Jimmy White thrown career lifeline

Jimmy White’s professional career will continue for two more years at least after he accepted a tour wildcard from snooker supermo Barry Hearn.

Hearn’s tour invitation – to coincide with 40 years of the world championship at Sheffield’s Crucible Theatre – ensures White will continue to enthral his legion of fans in the twilight of his career as the game’s elder statesman.

Screen Shot 2017-04-18 at 19.38.17.pngIt’s an unlikely mantle for a player with a wild past but one who the sport’s governing body realised still has an important part to play in its future.

The Whirlwind, 54, and 1997 world champion Ken Doherty were the beneficiaries of Hearn’s benevolence.

White accepted his wildcard during a special televised Crucible 40th anniversary ceremony, with Hearn in the audience looking on.

“I’m definitely going to be playing for the next couple of years,” confirmed White.

“I haven’t won the world championship, but I’m not finished yet. This is such a great place for snooker.

“I’ve seen snooker go from the top in the 80s to a small decline in the 90s, but now it’s in the best shape ever and to be a young professional now, it’s the greatest game to be in.”

White’s 37-year professional career appeared to be over when he failed to qualify for this year’s world championship.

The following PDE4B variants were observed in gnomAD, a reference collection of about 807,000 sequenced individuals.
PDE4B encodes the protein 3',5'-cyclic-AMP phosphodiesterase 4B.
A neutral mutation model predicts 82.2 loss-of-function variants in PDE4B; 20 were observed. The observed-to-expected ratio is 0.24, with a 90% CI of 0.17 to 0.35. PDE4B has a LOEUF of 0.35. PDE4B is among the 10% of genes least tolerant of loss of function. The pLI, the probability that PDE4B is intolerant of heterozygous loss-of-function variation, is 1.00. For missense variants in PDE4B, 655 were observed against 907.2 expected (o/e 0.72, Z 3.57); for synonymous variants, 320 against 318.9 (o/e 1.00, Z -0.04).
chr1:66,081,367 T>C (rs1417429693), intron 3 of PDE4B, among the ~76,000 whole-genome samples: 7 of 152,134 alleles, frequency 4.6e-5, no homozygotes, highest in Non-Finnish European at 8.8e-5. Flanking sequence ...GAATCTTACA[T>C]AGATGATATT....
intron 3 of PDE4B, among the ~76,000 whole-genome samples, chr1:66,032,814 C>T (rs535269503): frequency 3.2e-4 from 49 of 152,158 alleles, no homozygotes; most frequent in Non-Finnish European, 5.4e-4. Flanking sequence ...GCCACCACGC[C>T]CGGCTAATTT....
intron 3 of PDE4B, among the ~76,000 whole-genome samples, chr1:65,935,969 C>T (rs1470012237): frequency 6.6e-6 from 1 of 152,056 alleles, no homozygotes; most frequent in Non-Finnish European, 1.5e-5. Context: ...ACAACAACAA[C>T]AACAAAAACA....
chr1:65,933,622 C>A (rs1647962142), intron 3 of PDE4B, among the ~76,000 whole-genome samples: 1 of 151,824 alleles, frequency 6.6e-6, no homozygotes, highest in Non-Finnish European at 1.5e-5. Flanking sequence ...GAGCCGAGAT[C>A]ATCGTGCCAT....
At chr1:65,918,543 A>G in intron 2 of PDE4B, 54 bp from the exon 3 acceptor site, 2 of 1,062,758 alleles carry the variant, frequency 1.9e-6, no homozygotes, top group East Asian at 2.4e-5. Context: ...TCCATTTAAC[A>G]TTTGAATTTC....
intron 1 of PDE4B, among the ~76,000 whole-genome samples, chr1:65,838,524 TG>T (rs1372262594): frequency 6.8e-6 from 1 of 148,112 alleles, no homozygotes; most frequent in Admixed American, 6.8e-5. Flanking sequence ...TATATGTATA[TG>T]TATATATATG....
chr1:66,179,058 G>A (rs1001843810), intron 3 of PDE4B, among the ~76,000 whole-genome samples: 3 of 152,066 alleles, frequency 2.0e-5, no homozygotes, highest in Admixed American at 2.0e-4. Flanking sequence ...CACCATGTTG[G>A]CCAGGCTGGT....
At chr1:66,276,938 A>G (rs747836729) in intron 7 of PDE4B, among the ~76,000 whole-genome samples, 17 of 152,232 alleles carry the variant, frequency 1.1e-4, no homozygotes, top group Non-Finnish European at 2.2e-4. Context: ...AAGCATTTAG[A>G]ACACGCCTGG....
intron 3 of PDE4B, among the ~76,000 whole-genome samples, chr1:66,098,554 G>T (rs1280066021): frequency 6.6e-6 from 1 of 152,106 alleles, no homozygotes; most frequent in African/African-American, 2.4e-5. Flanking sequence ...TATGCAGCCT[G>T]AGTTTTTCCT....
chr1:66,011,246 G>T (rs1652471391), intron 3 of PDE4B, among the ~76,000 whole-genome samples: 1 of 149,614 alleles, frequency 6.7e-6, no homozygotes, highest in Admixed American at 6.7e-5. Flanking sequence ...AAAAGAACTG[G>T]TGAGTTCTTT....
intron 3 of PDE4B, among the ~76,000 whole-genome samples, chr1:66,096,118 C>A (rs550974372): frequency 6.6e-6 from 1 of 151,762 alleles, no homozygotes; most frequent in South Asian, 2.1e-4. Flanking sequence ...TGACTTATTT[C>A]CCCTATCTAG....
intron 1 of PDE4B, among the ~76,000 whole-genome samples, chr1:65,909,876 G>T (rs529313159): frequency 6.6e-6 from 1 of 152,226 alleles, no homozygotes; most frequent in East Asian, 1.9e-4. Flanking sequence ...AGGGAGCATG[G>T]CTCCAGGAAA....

The six-times runner-up wrote his name into Crucible history in his pursuit of the world crown – seeing his dream dashed by greats Steve Davis, Stephen Hendry and John Parrott.

The world title is the only prize missing from his glittering CV, which includes the world amateur title and Benson and Hedges Masters.

White amassed ten major titles during a colourful career – the UK crown in 1992 the pinnacle of his achievements, establishing him as one of the most recognisable faces in British sport.

His tour invitation means he can side-step snooker’s Q school in the summer and look forward to pitting his wits against a new crop of tour snooker talent – most not born when his quick fire game first burst onto TV screens in 1981.

 

 

 

 

 

 

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